My Writing Book of the Day: Yes! You Can Learn How to Write Children’s Books, Get Them Published, and Build a Successful Writing Career, by Nancy I. Sanders. Quick quote: “Write for personal fulfillment. Just be sure to use a separate strategy to get published–frequently and on a regular basis.” Nancy lays out a very detailed and practical plan for the building a career using the three kinds of writing you might do: for personal fulfillment; for publication; and for income. Awesome for those of us who like details and plans! (I’m sharing a favorite writing book every day for a bit in case you need ideas for your holiday gift list–or want to buy a gift for yourself!)
Annie and Helen
by Deborah Hopkinson
Schwartz & Wade, 2012
I only know the most basic information about Helen Keller and Annie Sullivan, and I always kind of wondered *exactly* how Annie taught a child who could neither see nor hear to make words. It seems like an impossible task!
This book explains it all, in a way that acknowledges the enormity of the task but makes the process understandable. Helen is a real, frustrated, tantrum-throwing girl. And Annie is a real person, patient, firm, and determined. Their story is amazing and inspiring.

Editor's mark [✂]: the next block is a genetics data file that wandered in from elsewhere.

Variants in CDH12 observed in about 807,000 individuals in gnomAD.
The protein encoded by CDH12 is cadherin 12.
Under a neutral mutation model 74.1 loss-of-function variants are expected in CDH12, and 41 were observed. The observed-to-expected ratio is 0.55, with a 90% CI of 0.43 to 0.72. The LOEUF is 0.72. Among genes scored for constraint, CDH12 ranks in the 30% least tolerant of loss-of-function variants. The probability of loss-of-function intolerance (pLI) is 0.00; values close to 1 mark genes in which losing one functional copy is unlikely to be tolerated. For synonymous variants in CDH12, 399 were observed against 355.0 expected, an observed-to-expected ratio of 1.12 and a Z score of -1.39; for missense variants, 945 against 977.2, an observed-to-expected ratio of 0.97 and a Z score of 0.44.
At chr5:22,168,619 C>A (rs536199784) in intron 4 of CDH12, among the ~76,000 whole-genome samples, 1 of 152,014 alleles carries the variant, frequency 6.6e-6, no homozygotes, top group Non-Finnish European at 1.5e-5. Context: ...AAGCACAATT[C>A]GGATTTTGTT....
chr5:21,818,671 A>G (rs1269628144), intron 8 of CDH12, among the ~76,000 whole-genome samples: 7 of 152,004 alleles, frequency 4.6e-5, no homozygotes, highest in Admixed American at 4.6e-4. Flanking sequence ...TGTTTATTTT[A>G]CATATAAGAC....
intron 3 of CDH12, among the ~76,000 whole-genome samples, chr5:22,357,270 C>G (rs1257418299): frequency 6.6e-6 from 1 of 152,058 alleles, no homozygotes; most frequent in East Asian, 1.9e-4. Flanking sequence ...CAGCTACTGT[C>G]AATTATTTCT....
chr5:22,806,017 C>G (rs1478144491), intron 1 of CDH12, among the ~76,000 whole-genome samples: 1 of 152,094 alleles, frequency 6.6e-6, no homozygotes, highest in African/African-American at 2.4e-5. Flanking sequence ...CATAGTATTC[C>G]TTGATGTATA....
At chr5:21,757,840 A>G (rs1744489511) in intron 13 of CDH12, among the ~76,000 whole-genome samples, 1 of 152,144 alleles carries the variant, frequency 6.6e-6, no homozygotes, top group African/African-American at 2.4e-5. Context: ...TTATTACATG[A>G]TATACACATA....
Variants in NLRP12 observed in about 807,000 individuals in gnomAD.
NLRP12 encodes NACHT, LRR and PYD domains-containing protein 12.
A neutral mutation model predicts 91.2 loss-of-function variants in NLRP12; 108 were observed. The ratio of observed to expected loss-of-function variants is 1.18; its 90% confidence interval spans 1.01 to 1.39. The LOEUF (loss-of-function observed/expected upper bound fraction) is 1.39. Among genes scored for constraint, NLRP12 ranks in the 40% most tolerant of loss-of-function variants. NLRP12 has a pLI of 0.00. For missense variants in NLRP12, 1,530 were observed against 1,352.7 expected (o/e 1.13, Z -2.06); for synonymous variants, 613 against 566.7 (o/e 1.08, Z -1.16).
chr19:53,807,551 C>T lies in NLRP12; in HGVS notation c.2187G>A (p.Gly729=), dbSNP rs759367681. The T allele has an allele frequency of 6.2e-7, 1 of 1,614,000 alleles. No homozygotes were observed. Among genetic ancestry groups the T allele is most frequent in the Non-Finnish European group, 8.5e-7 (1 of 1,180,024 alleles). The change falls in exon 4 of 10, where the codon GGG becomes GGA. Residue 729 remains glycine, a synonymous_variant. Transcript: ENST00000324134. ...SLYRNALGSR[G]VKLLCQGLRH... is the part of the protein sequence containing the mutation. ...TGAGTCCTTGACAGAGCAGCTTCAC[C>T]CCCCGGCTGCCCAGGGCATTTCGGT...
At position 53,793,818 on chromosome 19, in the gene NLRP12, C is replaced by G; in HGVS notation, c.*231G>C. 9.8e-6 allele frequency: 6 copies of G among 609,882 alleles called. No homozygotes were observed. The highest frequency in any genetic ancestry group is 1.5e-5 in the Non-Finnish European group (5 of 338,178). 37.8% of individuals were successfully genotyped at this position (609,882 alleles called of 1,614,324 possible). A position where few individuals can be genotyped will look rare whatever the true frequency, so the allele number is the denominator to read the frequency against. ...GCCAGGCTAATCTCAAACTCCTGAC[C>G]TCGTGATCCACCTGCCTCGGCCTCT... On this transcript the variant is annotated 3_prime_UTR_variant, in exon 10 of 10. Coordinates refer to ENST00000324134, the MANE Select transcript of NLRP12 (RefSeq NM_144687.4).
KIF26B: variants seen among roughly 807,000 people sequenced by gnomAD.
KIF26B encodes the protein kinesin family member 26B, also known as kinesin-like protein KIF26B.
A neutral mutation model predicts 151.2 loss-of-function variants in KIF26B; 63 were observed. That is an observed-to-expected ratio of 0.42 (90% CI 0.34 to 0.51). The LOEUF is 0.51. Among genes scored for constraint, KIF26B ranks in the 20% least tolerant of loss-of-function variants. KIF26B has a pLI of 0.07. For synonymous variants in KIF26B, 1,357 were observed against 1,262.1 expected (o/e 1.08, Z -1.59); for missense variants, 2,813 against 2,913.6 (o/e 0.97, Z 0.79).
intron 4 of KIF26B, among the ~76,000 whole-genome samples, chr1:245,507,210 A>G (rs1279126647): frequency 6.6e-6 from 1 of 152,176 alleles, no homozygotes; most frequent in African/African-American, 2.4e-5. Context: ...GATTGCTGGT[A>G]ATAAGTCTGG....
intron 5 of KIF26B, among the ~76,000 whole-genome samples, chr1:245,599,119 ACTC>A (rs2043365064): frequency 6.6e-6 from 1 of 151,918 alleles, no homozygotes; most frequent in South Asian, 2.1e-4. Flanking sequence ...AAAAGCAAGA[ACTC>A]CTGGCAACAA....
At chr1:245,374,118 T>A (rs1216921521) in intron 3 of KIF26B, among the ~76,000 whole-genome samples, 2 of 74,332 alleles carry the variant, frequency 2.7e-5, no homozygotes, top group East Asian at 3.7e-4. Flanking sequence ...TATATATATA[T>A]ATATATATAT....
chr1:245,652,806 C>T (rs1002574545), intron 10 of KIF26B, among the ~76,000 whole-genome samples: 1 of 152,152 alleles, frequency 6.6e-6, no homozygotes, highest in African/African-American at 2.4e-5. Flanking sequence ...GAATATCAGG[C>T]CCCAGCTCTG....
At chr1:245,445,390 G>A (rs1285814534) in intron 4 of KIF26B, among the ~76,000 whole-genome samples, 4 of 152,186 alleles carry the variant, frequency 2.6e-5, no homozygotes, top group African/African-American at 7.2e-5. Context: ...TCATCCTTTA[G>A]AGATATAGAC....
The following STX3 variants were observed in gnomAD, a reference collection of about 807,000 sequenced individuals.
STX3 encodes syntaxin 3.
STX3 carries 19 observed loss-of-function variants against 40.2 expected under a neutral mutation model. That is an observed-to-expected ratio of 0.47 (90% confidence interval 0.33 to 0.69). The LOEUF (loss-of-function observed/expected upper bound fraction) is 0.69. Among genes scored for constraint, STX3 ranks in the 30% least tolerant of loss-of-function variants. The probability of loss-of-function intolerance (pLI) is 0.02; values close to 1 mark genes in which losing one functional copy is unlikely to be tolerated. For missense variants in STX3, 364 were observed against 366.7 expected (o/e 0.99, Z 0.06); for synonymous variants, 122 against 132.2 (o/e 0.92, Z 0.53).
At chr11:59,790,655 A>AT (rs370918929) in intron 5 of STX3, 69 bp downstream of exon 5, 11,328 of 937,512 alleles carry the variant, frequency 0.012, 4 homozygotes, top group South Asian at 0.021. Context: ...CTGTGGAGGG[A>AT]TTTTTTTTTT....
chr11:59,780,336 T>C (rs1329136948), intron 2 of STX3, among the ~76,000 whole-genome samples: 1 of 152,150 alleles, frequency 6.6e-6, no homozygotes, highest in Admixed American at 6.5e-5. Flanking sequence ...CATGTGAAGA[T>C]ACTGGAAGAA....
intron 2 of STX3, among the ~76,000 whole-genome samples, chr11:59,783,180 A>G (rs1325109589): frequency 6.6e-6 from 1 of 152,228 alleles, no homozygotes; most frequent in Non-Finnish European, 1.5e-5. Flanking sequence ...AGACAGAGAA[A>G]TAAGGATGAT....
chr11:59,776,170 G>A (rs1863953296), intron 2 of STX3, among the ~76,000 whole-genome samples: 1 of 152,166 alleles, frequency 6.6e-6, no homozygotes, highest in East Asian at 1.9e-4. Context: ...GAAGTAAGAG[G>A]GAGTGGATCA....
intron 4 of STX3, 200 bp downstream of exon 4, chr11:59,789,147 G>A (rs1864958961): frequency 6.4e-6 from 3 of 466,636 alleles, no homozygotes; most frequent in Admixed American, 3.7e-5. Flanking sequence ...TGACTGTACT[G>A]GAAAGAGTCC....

And the writing is pretty amazing, too.
About Helen, before she could communicate with words: “Helen was like a small, wild bird, throwing herself against the bars of a dark and silent cage.”
About Annie’s determination: “Annie spelled into Helen’s palm all day long. Like someone on a windy peak trying to kindle a fire for warmth, Annie kept hoping for a spark to catch.”
And structuring the book around Annie’s letter to her own former teacher makes the ending, the text of Helen’s very first written letter, the perfect ending, at once an end and a beginning.
This is a lovely book, start to finish.
Review copy from my library.
Anastasia Suen has the Nonfiction Monday roundup at Booktalking!